It can be hard to know what you’re entitled to.
When you first enter the world of work, you’re often so pleased to have a job that you sign the contract and get started, without taking due consideration about what the contents mean for you.
But everyone has rights, and it’s important to know specifically what you are entitled to when you enter into a new working contract. Here, we take a look at four commonly asked questions regarding employee rights, so that you can start your new job with all the information you need.
What are employee rights, and who decides them?
Employee rights are the moral and legal entitlement an employee has to have or do something – basically, they lay out what your employer can and can’t ask you to do in your job, as well as what you can ask of them. These are set out in employment law, so they don’t differ from company to company.
They cover things like the right to take time off, sick pay, discrimination, payslips and health and safety. It also covers the rights you have to maternity and paternity pay if you have a child. They’re designed to protect you, and some companies offer an increased benefit package, where you get more holiday, for example, than the minimum set out in law.
What affects my rights?
According to the Employment Rights Act of 1996, there are several different types of worker, and the type that you are affects what rights you’re entitled to. The main types are:
- Worker. Where you have a contract for a set period of time, and your employer has work for you to do as long as the contract lasts. Workers have the right to say no to work that is offered to them.
- Employee. All employees are workers, but they also have some additional rights. They work under an employment contract and have an obligation to their employer.
- Self-employed/contractor. A person who is self-employed takes responsibility for their own business. In comparison, a contractor can be employed as a worker, or if they work for an agency, have the rights of an employee.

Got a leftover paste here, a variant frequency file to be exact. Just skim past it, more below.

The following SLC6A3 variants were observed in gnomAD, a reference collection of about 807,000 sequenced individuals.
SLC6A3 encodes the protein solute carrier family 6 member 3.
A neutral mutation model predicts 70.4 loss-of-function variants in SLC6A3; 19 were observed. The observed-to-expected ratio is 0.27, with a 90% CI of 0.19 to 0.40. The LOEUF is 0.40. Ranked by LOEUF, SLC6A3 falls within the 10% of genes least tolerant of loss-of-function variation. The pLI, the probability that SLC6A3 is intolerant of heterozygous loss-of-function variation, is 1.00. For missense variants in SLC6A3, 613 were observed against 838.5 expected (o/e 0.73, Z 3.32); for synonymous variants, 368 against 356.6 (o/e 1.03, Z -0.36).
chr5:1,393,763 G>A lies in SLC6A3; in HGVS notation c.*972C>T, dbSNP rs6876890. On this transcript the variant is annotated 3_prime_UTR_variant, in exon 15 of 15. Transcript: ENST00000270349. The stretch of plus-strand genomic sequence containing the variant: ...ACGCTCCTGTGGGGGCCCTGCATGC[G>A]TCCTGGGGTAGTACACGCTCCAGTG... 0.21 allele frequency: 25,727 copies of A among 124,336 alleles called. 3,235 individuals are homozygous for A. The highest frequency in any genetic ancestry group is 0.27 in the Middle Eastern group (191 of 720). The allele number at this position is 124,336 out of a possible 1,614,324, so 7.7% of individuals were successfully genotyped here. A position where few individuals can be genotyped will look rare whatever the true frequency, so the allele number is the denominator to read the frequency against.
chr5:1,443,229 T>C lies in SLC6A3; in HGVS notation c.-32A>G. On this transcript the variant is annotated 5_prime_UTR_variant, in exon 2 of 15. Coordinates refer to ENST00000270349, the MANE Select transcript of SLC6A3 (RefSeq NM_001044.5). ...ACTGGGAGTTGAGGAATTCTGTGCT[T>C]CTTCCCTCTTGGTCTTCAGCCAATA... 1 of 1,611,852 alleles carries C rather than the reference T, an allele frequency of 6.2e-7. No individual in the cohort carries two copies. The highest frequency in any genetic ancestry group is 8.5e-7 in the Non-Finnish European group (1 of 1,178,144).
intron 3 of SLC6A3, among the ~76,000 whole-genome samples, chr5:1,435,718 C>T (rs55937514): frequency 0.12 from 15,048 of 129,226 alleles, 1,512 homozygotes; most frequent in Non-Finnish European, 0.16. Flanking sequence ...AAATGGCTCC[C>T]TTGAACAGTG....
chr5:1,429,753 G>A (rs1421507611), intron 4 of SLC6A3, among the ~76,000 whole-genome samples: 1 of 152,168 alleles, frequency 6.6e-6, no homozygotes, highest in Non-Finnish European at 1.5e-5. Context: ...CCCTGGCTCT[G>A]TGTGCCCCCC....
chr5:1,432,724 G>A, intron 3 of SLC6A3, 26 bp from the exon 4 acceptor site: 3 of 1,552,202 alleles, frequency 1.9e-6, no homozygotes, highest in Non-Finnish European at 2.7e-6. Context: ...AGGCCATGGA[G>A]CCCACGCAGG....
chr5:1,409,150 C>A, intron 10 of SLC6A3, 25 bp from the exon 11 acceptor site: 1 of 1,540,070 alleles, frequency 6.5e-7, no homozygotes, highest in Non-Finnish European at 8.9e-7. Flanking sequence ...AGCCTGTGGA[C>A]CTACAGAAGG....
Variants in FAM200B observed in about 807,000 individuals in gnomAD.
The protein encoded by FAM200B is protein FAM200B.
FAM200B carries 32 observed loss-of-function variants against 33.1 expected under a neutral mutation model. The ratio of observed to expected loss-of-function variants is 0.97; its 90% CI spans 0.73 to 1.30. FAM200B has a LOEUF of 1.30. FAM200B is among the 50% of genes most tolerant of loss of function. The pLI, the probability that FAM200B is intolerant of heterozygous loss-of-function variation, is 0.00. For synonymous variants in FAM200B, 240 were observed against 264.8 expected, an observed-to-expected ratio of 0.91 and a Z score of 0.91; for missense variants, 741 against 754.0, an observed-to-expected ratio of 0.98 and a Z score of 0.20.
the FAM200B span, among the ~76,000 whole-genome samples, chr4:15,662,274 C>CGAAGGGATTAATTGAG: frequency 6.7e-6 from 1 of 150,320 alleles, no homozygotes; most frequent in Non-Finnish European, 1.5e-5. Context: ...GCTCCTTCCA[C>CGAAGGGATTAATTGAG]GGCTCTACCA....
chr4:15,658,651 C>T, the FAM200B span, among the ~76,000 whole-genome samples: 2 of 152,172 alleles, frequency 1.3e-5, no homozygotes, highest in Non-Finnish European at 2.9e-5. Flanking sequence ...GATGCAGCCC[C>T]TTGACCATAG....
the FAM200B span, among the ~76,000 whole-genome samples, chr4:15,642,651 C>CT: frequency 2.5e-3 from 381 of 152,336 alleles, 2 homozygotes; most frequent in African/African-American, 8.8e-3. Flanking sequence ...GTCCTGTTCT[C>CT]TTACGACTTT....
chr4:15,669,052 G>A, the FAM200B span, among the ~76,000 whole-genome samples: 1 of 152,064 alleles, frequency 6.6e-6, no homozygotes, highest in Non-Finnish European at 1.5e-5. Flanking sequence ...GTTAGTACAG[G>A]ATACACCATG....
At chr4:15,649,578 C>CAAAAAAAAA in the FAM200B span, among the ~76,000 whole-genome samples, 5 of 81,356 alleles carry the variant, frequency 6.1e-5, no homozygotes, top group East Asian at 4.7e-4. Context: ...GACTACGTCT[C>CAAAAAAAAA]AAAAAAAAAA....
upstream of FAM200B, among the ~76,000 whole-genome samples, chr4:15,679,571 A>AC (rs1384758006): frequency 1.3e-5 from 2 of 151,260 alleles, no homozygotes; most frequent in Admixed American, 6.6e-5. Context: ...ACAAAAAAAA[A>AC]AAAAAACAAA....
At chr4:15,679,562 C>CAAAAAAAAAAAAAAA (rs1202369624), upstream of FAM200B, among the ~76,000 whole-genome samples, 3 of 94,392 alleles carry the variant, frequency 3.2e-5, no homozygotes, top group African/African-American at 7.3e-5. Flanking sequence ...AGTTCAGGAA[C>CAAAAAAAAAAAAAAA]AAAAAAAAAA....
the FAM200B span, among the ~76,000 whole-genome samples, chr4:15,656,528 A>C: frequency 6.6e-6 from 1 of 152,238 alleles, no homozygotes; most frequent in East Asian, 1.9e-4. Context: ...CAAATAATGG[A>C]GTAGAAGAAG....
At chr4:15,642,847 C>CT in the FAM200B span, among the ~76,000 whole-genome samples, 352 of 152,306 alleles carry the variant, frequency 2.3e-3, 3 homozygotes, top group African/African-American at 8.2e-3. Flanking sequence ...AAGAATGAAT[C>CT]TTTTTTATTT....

There are also rights for directors, officeholders and volunteers. In order to qualify for some employee rights, you need to have worked for the company for a certain continuous period of time.
What if I’m self-employed?
If you’re self-employed, you’re not covered under employment law because you’re your own boss. However, you do have rights when it comes to health and safety, discrimination and the rights and responsibilities that are included in the contract with your client.
If you’re not sure if you class as self-employed, the UK government has issued some guidance around how you can check your working status.
What can I do if my rights aren’t being met?
Ultimately, the law is the law, but there can sometimes be confusion around which employment category you fall into. If you’re unsure, then check your contract, and speak to your employer in the first instance. Once you know what status you are, you can determine what rights you have and if they’re being honoured.
If you and your employer don’t agree on your rights, then you can contact the Acas helpline for confidential, free advice about how to tackle the subject moving forward. If this still doesn’t help, you may need to take your employer to a court tribunal to get a legal ruling on your employment status.
About the author
Elizabeth Long graduated with a degree in the English Language, and then travelled to different countries in order to expand her views, and experience different cultures. She now writes meaningful posts, designed to give readers helpful take-home points that they can act on in their own lives.